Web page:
Digital archive of theses discussed at the University of Pisa


Thesis etd-12092021-123408

Thesis type
Tesi di specializzazione (4 anni)
Thesis title
The impact of Mild Behavioral Impairment on short-term outcome in patients with geriatric depression: preliminary results
Course of study
relatore Prof. Perugi, Giulio
correlatore Dott. Lattanzi, Lorenzo
  • global functioning
  • geriatric depression
  • MBI
Graduation session start date
Release date
Background: Geriatric depression is the most common psychiatric disorder afflicting the elderly, with prevalence rates of 0,4-35% (mean 12.3%) in subjects over 65 years of age. It reduces the quality of life of older people through an increased risk of morbidity, physical, cognitive and functional impairment, as well as greater self-neglect and suicide, all of which are associated with increased mortality. Depression is also one of the most frequent neuropsychiatric symptoms (NPS) in patients with Mild Cognitive Impairment and early forms of dementia. Depression is also included among the core symptoms of the new clinical construct of Mild Behavioral Impairment (MBI). Several studies have investigated the relationship between NPS and dementia, however clinical studies on their presence in pre-dementia stages are still limited.
Methods: A prospective longitudinal study was conducted to investigate the course of a major depressive episode in elderly patients and to study the impact of Mild Behavioral Impairment on short-term outcome in patients with late-life depression. Sixty-four patients were selected based on the following inclusion criteria: 1) age ≥ 60 years, 2) diagnosis of depressive episode according to the International Classification of Diseases, Tenth Edition (ICD-10), 3) a follow-up duration ≥ 3 weeks. The presence of a previous diagnosis of dementia or Parkinson’s disease was considered as an exclusion criterion. Global functioning, cognitive status, psychiatric symptoms severity, and depressive symptomatology were assessed at each visit by means of specific tools, respectively GAF scale, MMSE and BPRS total score. The presence of Mild Behavioral Impairment was assessed through the MBI-Checklist.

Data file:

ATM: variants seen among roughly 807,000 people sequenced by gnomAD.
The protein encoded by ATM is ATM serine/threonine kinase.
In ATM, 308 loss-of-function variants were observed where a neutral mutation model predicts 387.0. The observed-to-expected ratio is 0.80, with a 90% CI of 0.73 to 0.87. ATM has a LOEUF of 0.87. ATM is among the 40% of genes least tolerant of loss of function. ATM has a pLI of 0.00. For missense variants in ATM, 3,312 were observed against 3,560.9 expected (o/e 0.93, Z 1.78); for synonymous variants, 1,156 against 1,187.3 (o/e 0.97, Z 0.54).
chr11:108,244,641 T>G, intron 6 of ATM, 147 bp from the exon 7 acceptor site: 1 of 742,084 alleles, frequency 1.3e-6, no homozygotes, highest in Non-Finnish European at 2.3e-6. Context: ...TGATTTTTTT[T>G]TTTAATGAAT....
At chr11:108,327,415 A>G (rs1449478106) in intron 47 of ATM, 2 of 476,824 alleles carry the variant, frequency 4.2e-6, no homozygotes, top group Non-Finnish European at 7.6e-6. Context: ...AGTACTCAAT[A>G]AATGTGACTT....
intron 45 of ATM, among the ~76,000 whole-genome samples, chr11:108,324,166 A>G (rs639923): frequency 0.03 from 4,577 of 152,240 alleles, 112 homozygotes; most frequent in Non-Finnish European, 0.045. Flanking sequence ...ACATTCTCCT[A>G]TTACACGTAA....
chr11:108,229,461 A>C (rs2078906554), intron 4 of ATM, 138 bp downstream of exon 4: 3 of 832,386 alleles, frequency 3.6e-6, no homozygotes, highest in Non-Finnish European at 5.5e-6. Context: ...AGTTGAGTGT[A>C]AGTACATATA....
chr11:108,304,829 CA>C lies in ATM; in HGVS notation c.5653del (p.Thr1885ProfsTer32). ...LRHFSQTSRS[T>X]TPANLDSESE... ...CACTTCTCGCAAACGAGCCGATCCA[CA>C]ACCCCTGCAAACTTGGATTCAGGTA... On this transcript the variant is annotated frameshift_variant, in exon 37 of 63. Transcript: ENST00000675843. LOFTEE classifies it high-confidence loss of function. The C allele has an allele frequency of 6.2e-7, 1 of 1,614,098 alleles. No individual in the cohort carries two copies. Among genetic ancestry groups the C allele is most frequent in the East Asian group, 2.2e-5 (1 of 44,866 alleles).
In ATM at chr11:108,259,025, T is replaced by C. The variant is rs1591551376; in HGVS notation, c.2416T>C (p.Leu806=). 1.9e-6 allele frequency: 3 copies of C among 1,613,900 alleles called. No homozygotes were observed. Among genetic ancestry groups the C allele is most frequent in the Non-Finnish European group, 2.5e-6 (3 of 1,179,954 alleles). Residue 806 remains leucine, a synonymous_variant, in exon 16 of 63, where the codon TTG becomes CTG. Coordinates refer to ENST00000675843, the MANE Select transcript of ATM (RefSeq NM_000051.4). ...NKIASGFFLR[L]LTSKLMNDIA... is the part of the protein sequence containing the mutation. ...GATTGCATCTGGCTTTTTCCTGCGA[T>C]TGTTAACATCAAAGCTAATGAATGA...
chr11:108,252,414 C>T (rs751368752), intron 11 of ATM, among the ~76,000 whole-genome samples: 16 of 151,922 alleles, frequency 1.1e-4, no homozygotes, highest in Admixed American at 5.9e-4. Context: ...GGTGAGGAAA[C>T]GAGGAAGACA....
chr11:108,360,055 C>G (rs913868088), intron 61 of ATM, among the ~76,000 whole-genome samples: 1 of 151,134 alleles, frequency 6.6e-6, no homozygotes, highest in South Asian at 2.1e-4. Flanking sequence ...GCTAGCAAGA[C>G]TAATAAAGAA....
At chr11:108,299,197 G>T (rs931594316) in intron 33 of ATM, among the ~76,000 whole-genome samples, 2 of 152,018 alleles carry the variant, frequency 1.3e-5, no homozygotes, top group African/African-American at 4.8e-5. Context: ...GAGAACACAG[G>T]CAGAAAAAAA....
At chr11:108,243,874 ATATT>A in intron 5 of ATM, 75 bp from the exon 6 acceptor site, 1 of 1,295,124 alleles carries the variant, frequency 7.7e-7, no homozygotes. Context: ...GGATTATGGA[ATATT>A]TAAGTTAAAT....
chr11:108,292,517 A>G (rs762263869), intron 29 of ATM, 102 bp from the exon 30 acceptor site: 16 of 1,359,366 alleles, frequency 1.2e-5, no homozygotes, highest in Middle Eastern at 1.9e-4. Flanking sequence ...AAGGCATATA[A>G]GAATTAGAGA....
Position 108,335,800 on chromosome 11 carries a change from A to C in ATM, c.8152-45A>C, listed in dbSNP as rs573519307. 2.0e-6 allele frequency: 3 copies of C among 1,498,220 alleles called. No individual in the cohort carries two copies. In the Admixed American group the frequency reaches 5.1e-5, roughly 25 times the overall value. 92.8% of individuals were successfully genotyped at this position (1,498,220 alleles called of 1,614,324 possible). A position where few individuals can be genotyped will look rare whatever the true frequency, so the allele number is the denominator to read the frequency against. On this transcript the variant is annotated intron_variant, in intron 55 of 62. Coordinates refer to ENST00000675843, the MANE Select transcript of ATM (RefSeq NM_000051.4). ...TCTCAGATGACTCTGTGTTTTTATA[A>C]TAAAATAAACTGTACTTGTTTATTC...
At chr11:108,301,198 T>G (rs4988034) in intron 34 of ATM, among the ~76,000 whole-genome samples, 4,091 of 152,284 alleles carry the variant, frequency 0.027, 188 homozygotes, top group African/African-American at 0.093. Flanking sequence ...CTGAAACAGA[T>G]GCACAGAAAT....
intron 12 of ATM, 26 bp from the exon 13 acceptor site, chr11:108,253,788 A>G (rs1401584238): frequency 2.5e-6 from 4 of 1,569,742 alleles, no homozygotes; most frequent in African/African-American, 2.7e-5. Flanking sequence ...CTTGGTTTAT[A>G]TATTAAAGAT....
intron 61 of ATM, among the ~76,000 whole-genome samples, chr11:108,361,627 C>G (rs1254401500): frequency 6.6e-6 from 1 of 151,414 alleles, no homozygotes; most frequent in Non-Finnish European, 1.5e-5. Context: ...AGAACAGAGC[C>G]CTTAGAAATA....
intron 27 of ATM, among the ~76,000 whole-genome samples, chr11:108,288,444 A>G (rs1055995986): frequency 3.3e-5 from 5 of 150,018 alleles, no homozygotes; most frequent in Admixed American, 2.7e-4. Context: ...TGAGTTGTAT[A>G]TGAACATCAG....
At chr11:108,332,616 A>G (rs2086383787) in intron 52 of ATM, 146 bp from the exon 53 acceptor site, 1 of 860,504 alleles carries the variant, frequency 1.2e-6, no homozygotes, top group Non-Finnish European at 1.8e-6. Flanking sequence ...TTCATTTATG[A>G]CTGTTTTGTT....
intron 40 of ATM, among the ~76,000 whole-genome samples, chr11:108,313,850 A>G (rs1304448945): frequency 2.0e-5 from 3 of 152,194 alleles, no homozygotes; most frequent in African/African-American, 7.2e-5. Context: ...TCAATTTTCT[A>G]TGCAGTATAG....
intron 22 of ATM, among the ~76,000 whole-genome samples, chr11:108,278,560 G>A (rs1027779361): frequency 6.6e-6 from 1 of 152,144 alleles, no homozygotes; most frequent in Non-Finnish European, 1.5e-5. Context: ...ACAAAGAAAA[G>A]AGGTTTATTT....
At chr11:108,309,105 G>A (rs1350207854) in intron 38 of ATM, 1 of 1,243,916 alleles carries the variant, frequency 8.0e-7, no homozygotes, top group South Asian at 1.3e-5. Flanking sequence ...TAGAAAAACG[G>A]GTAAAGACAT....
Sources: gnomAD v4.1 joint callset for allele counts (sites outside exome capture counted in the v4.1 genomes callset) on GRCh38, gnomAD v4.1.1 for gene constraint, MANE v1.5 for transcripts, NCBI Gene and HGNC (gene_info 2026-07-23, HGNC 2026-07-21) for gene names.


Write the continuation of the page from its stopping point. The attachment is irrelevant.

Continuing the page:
Results: The sample of the recruited patients consisted of thirty subjects, of which ten were affected by MBI. The mean follow-up duration of the whole sample was 72.33 ± 31.32 days. We found that BPRS total score at follow-up (mean ± SD, 31.5 ± 4.86) was lower than BPRS total score at baseline (mean ± SD, 38.2 ± 5.99; t = 7.59, p < 0.001, d = 1.23). The presence of MBI syndrome had no significant effect, nor any interaction effect, on clinical/symptomatological course of the depressive episode. At final evaluation BPRS total scores improvements from patients with and without MBI were similar overall. BPRS depressive symptoms showed the same longitudinal pattern. On the contrary, a significant negative interaction between MBI and global functioning was found. In fact, while patients without MBI showed higher GAF score at follow-up (mean ± SD, 67.4 ± 16.90) compared to GAF score at baseline (mean ± SD, 55.8 ± 17.30; t = 4.18, p < 0.001; d = 0.68), patients with MBI showed the same GAF score at follow-up (mean ± SD, 55.5 ± 11.7) and at baseline (mean ± SD, 55.5 ± 12.1; t = 0.00, p = 1.000; d = 0.00).
Conclusions: The presence of Mild Behavioral Impairment in patients with late-life depression affects the short-term outcomes, impairing the improvement in overall functioning. Our results confirm the need for closer control over time in this type of patients. Further longitudinal research is necessary in order to confirm our results.